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"The human brain seems to have been designed to survive outdoors in unstable meterological conditions. If you wanted to design something which was the ideal environment for getting work done, it wouldn't be a cubicle."
"We don't really know how the brain works. We don't know how we know how to pick up a glass or water or write our names."
Author of Brain Rules: Twelve Principles for Surviving and Thriving at Work, Home, and School and developmental molecular biologist John Medina addressed a full house in the Indigo Ballroom in the second keynote address at the Tableau Customer Conference, and took his time entertaining and educating the listeners on a number of rules about how the brain works, taking the occasional humorous aside to debunk pseudoscience and sheer buncombe myths about how our minds work.
There is a strong indication that there a strong correlation between exercise and brain functionality.
"Exercise boosts brain power and buffers against stress." Medina notes that, as much as he wished he had counter confirmation, that not only has walking on a treadmill while working helped him shed significant weight, he has noted
that he feels significantly sharper while doing so.
There also seems to be a correlation between exercising and aging very well as well as between not exercising well and aging poorly. Populations who exercise have better outlooks on life, stay active longer, have reduced instances of coronary disease, depression, general dementia; while those who have a sedentary lifestyle show the inverse.
Executive function- the ability to perform mathematical functions and keep emotional controls, for instance, shows a seven-fold higher performance level in a sample of those who exercise over those who don't. Basically, the presence of reasonable aerobic activity levels demonstrably makes you smarter! Tests on a sedentary population who were used to establish a baseline before being asked to change their lifestyle over a sixteen week period showed increases in executive function ranging from an increase of 50 to 150 percent. This improvement was demonstrated with as little exercise as a walking at a brisk pace (Medina defines this as 'walking too fast to sing") for as little as 150 minutes a week.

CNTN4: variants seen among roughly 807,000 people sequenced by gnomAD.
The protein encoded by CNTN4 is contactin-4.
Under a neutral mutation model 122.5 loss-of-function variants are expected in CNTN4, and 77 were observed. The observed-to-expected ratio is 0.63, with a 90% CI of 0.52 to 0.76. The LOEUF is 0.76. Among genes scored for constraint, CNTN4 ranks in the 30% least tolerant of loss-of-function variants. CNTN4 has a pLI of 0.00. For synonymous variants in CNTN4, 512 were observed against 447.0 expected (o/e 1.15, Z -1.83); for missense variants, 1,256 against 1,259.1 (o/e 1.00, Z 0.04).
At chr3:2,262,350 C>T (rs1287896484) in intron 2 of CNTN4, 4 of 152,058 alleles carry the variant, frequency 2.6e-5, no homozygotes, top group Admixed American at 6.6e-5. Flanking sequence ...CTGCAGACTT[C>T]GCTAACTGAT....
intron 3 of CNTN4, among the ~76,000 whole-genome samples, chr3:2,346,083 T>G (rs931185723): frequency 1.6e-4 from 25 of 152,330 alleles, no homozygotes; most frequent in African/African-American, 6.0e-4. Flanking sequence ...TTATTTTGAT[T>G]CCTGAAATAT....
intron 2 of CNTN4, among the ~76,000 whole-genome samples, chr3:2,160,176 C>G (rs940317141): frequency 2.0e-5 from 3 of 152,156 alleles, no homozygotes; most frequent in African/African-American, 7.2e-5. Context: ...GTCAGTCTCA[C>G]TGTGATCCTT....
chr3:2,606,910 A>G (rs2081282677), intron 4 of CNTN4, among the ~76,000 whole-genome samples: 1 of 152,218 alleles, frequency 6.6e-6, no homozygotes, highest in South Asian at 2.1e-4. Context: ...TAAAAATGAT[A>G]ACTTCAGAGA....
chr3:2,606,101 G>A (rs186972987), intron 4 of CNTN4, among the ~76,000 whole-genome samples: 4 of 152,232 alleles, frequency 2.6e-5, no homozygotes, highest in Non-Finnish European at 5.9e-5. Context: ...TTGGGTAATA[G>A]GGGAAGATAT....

"What should we take away from this? The workplace of the future might not have cubicles, but walking stations. The corporate dress code may go from being 'whatever' for coders and shirt and tie for everyone else to gym clothes!"
"People don't pay attention to boring things. Plain and simple, if something is boring, there is a marked change in attentional state."
"This is how little we know about how we pay attention and avoid being boring....What do we know about attentional states and what helps us pay attention and keep away from things which are boring? Ever see a spotlight? There's a light and a power supply, and they're connected together by a wire. The whole brain attentional state is connected by a bunch of wiring to the attentional spotlight in the neurological substrate. We know a little about these things and things which affect them, and different portions of the brain control each of them."
Different portions of the brain control the 'light' and the 'power supply'. Communications between the two are handled n a task-by-task basis, and take 0.7 seconds for each query to process. You can't multi-task, because your brain can't parallel process.
"We pay attention to things like emotions, threats and sex. Regardless of who you are, the brain pays a great deal of attention to these questions: Can I eat it? Will it eat me? Have I seen it before? Can I have sex with it? Will it have sex with me?
The brain is not capable of multi-tasking. We can talk and breathe, but when it comes to higher level tasks, we just can't do it."
Oh, and "Did you ever hear that you only use 10% of your brain? Pure mythology. It's at least 60% at rest."